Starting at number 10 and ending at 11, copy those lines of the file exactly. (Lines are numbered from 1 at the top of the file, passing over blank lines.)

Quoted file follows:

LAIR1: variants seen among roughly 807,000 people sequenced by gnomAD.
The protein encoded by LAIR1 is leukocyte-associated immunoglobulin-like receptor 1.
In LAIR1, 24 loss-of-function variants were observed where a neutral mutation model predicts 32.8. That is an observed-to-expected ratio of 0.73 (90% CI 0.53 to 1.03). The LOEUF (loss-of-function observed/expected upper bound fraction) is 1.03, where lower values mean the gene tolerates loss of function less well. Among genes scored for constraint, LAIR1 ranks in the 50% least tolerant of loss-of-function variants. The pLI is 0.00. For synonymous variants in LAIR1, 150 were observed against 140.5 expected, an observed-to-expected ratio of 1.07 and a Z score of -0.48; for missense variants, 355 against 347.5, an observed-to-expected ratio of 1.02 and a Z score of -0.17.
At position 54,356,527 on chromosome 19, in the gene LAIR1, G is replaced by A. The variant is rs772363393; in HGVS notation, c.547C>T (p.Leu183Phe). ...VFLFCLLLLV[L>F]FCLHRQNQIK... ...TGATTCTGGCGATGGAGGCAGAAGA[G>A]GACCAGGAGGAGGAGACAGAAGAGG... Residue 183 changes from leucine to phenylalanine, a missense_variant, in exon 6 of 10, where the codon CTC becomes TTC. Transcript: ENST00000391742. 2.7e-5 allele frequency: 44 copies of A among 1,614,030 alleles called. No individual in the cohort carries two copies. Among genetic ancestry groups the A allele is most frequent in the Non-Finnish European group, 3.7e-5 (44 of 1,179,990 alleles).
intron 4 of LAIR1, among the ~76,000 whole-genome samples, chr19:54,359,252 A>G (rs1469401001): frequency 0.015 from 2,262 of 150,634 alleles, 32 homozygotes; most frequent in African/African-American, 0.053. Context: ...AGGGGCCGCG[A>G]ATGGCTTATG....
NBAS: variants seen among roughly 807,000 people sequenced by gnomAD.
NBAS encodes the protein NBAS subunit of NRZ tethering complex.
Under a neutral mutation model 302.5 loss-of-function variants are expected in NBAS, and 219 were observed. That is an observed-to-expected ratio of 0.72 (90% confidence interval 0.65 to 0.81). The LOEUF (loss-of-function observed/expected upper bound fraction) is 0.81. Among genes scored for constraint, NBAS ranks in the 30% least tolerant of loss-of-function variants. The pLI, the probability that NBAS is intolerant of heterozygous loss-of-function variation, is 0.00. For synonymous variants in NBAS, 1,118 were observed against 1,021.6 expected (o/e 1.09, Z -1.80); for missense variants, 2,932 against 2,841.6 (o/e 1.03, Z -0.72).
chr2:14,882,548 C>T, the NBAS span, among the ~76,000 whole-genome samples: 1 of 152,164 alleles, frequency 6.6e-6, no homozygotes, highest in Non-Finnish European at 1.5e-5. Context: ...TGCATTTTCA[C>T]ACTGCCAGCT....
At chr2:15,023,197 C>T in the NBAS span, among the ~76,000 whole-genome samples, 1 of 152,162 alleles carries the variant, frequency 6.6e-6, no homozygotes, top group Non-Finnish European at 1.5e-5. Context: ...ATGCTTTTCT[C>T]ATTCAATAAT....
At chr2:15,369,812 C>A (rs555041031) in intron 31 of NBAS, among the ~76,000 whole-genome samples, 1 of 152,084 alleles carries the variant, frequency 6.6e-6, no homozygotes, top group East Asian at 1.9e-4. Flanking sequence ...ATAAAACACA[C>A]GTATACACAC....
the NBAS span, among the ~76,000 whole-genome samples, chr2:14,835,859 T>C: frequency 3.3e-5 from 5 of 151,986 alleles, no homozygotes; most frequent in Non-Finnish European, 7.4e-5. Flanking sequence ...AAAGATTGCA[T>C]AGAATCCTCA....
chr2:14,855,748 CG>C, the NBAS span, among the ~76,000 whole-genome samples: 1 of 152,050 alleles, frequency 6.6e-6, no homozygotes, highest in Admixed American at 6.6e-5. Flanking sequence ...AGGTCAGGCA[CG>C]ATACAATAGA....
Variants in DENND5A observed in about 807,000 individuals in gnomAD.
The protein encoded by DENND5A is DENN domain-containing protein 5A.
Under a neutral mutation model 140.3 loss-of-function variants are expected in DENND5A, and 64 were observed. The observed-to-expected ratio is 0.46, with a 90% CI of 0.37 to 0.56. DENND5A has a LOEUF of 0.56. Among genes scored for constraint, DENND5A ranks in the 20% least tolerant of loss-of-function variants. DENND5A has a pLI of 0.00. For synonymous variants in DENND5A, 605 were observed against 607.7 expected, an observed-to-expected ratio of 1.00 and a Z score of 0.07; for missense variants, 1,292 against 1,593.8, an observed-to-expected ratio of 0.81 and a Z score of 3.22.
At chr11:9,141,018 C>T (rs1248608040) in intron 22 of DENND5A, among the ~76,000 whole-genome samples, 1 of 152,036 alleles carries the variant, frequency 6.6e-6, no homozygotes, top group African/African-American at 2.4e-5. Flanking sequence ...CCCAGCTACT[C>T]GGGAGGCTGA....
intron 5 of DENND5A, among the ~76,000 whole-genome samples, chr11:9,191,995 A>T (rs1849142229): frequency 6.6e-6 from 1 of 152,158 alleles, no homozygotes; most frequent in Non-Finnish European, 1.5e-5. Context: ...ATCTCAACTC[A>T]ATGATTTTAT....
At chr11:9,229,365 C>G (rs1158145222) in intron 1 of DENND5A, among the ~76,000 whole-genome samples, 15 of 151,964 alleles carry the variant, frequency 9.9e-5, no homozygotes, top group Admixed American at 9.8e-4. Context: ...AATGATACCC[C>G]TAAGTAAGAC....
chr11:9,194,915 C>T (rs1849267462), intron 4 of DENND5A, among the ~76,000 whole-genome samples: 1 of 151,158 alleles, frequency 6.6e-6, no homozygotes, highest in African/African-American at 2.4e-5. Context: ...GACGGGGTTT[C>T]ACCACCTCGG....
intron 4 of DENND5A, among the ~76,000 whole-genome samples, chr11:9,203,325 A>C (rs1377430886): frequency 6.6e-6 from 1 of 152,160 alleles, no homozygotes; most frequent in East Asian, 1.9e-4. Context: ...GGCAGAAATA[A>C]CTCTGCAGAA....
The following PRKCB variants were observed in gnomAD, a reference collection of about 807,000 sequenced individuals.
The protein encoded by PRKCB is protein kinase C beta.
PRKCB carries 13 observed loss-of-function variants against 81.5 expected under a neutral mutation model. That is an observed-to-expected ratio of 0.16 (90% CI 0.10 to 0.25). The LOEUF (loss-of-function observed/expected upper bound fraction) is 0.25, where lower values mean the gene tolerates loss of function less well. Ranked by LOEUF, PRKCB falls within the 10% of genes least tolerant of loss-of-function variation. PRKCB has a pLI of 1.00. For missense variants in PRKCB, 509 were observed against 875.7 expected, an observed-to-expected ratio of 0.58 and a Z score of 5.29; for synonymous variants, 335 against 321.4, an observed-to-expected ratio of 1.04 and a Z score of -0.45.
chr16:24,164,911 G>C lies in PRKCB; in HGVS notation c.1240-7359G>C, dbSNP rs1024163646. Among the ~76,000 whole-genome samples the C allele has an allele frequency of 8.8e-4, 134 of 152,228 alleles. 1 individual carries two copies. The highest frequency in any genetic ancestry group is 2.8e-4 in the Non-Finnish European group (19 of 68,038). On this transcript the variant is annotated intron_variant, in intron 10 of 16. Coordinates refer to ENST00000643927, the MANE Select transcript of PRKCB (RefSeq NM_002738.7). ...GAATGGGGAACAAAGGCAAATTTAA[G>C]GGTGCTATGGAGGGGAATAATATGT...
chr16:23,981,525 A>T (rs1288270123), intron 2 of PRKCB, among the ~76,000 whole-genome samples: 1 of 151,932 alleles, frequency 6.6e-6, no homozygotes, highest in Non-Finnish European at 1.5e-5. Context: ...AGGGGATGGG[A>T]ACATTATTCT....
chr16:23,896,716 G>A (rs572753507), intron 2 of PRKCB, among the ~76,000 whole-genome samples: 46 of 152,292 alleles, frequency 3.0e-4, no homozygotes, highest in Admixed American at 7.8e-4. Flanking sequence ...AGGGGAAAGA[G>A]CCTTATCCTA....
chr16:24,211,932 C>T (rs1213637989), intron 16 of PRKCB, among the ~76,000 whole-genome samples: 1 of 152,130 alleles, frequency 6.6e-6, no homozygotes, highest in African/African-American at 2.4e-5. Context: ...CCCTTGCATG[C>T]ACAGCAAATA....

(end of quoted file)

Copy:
At chr2:15,023,197 C>T in the NBAS span, among the ~76,000 whole-genome samples, 1 of 152,162 alleles carries the variant, frequency 6.6e-6, no homozygotes, top group Non-Finnish European at 1.5e-5. Context: ...ATGCTTTTCT[C>T]ATTCAATAAT....
At chr2:15,369,812 C>A (rs555041031) in intron 31 of NBAS, among the ~76,000 whole-genome samples, 1 of 152,084 alleles carries the variant, frequency 6.6e-6, no homozygotes, top group East Asian at 1.9e-4. Flanking sequence ...ATAAAACACA[C>A]GTATACACAC....